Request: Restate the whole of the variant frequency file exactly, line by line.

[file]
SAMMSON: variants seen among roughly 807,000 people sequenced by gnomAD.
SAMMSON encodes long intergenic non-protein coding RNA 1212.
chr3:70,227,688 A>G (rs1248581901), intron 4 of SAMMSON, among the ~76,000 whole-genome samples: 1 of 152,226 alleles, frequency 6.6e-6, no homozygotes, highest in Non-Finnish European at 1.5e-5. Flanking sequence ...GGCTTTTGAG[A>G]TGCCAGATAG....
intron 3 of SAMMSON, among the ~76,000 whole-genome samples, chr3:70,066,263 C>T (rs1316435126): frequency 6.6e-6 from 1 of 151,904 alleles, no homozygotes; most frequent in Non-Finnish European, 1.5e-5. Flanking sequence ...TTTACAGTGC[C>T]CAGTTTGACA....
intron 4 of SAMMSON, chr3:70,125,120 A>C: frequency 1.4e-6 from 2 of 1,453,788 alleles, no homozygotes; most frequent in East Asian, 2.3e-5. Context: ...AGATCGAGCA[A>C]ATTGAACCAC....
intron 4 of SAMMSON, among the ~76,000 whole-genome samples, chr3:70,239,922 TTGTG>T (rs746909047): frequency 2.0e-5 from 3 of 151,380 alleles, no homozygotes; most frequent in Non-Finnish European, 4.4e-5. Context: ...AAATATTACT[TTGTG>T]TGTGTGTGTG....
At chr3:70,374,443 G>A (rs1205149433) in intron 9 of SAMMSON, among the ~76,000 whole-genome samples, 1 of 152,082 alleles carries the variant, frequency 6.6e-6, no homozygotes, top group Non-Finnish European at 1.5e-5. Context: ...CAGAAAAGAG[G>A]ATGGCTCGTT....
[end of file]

SAMMSON: variants seen among roughly 807,000 people sequenced by gnomAD.
SAMMSON encodes long intergenic non-protein coding RNA 1212.
chr3:70,227,688 A>G (rs1248581901), intron 4 of SAMMSON, among the ~76,000 whole-genome samples: 1 of 152,226 alleles, frequency 6.6e-6, no homozygotes, highest in Non-Finnish European at 1.5e-5. Flanking sequence ...GGCTTTTGAG[A>G]TGCCAGATAG....
intron 3 of SAMMSON, among the ~76,000 whole-genome samples, chr3:70,066,263 C>T (rs1316435126): frequency 6.6e-6 from 1 of 151,904 alleles, no homozygotes; most frequent in Non-Finnish European, 1.5e-5. Flanking sequence ...TTTACAGTGC[C>T]CAGTTTGACA....
intron 4 of SAMMSON, chr3:70,125,120 A>C: frequency 1.4e-6 from 2 of 1,453,788 alleles, no homozygotes; most frequent in East Asian, 2.3e-5. Context: ...AGATCGAGCA[A>C]ATTGAACCAC....
intron 4 of SAMMSON, among the ~76,000 whole-genome samples, chr3:70,239,922 TTGTG>T (rs746909047): frequency 2.0e-5 from 3 of 151,380 alleles, no homozygotes; most frequent in Non-Finnish European, 4.4e-5. Context: ...AAATATTACT[TTGTG>T]TGTGTGTGTG....
At chr3:70,374,443 G>A (rs1205149433) in intron 9 of SAMMSON, among the ~76,000 whole-genome samples, 1 of 152,082 alleles carries the variant, frequency 6.6e-6, no homozygotes, top group Non-Finnish European at 1.5e-5. Context: ...CAGAAAAGAG[G>A]ATGGCTCGTT....